Lossky, The Mystical Theology of the Eastern Church, 137.
J.N.D. Kelly, Early Christian Doctrines (London: A7C Black, 1977) 376.
Vladimir Lossky, In the Image and Likeness of God (New York: St Vladimir Seminary Press, 1985) 108.
Vladimir Lossky, The Mystical Theology of the Eastern Church (New York: St Vladimir Seminary Press, 1976) 136.
Vladimir Lossky, The Vision of God (New York: St Vladimir Seminary Press, 1983) 98.
Lossky, The Mystical Theology of the Eastern Church, 159, 166-67.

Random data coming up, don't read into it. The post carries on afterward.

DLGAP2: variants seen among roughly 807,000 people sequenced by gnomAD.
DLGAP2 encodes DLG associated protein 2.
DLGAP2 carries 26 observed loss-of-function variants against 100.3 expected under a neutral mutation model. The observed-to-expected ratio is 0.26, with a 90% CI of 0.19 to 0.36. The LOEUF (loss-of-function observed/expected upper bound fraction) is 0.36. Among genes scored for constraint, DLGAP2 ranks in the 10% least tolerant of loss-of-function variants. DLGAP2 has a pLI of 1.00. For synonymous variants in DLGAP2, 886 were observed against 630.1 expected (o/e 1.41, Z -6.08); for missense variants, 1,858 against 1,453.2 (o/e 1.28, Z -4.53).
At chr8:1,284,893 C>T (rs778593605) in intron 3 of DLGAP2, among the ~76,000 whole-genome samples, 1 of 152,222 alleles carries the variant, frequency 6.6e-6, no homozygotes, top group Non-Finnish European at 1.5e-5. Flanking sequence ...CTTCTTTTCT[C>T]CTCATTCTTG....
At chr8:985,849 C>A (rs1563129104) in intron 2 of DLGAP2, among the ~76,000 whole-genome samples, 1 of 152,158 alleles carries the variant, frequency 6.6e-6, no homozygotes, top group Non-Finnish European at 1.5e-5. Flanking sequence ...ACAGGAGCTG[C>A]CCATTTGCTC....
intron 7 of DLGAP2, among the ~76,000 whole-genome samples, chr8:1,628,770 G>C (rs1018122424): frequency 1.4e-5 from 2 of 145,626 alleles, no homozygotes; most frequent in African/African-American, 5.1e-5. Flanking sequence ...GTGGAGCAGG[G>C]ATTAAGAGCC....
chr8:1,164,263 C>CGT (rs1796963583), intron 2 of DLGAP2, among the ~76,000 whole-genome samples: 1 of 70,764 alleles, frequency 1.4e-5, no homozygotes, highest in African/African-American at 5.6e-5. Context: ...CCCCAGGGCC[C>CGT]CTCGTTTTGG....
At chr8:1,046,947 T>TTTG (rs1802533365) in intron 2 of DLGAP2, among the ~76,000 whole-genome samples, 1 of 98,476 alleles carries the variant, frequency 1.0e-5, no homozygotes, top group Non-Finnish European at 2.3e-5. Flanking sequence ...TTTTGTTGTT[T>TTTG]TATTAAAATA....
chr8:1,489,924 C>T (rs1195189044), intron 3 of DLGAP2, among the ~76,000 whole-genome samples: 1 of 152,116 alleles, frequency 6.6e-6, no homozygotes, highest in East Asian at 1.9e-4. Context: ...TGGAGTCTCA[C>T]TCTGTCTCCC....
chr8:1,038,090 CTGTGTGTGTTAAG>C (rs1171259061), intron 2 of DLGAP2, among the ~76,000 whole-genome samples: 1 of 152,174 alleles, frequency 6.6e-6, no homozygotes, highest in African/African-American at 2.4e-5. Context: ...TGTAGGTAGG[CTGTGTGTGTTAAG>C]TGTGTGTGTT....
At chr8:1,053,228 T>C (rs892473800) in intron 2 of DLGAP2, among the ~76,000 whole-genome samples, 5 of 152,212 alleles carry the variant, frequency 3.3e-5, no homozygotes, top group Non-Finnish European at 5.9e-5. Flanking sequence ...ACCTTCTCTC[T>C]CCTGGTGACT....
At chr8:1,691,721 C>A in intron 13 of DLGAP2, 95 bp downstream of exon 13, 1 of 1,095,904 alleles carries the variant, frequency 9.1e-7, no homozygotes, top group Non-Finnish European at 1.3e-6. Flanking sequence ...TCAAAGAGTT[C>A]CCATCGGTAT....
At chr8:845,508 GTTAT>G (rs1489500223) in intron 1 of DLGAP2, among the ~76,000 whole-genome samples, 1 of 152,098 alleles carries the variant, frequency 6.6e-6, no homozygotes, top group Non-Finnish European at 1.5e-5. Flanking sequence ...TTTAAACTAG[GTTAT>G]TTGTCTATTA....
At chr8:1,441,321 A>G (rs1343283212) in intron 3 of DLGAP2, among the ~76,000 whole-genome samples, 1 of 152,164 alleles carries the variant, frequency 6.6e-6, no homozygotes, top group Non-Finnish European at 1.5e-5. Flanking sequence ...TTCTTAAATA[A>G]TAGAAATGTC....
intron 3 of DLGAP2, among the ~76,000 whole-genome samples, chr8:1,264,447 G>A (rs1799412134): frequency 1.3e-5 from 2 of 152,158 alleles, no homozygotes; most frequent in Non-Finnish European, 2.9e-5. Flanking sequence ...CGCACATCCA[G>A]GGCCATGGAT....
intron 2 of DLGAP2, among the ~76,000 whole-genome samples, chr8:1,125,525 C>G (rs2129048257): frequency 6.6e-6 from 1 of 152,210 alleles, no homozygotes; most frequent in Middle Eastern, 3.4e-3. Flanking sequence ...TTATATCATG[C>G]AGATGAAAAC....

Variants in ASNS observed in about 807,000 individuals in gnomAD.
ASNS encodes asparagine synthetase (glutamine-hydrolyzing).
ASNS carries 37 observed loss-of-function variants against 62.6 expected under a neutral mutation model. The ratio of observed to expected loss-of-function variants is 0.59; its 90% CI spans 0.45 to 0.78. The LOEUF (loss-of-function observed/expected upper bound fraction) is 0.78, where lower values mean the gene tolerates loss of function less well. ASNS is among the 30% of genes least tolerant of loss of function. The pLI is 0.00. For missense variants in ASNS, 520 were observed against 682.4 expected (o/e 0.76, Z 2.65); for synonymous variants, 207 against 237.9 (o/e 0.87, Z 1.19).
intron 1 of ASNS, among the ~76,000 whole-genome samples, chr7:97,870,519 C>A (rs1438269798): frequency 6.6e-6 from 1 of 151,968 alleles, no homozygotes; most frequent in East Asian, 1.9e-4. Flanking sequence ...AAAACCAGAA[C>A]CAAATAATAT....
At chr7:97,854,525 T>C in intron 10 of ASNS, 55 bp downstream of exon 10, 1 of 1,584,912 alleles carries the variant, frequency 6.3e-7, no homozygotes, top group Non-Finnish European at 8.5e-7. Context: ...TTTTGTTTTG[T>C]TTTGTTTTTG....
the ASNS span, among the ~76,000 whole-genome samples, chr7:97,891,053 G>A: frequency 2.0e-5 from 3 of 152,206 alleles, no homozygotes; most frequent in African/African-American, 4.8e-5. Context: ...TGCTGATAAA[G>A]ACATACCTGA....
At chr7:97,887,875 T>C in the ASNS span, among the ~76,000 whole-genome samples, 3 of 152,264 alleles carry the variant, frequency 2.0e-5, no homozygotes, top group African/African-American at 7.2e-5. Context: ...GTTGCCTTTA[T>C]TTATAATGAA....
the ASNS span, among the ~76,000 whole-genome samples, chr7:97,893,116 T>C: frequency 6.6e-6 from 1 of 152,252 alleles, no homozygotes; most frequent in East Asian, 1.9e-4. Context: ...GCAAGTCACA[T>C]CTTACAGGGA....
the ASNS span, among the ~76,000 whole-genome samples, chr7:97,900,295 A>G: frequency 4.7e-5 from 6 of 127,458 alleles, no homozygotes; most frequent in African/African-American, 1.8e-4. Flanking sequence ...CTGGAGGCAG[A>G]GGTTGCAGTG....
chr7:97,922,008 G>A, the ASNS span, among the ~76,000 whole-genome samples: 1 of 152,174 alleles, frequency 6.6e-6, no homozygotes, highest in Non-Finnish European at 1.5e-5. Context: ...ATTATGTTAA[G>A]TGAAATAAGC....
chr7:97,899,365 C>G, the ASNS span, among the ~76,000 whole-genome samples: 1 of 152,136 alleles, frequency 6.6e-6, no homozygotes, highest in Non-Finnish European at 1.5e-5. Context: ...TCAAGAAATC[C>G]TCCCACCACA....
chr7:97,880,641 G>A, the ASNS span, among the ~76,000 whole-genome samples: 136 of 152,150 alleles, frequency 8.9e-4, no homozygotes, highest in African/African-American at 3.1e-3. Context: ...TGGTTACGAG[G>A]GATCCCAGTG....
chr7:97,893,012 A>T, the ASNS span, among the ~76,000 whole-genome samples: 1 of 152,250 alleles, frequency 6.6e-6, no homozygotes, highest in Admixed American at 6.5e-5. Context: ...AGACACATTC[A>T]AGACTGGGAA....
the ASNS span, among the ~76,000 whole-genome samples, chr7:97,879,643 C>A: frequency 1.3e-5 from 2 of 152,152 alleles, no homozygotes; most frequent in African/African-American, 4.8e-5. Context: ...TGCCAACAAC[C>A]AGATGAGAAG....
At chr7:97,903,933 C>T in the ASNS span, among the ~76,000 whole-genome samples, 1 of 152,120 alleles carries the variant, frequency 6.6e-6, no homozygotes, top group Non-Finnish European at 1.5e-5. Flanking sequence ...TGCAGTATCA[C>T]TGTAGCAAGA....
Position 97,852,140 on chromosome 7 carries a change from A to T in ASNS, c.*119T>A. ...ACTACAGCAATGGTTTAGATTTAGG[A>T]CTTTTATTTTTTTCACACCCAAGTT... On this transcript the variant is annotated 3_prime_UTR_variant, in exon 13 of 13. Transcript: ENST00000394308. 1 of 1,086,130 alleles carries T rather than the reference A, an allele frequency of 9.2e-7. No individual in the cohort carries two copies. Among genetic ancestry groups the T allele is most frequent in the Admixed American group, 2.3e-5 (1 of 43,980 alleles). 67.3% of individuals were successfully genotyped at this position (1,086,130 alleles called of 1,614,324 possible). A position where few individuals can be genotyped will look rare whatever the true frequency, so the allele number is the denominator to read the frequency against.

Calinic (Kevin M.) Berger, “Does the Eucharist Make the Church? An Ecclesiological Comparison of
Stäniloae and Zlzioulas,” St. Vladimir’s Theological Quarterly51:1 (2007) 27.
Vladimir Lossky, Orthodox Theology: An Incarnation (New York: St Vladimir Seminary Press, 2001) 107.
Lossky, Orthodox Theology: An Incarnation, 109.
John Zizioulas, Communion and Otherness: Further Studies in Personhood and the Church (New York: T & T Clark, 2007) 349.
John D. Zizioulas, Being as Communion (New York: St Vladimir Seminary Press, 1985) 53.
Zizioulas, Being as Communion, 54.
John D. Zizioulas, Lectures in Christian Dogmatics(New York: T&T Clark, 2008) 104; John Zizioulas, “The Existential Significance of Orthodox Ecclesiology,” StudiaUniversitatisBabeş-Bolyai, TheologiaOrthodoxa, LIV, 1, (2009) 45.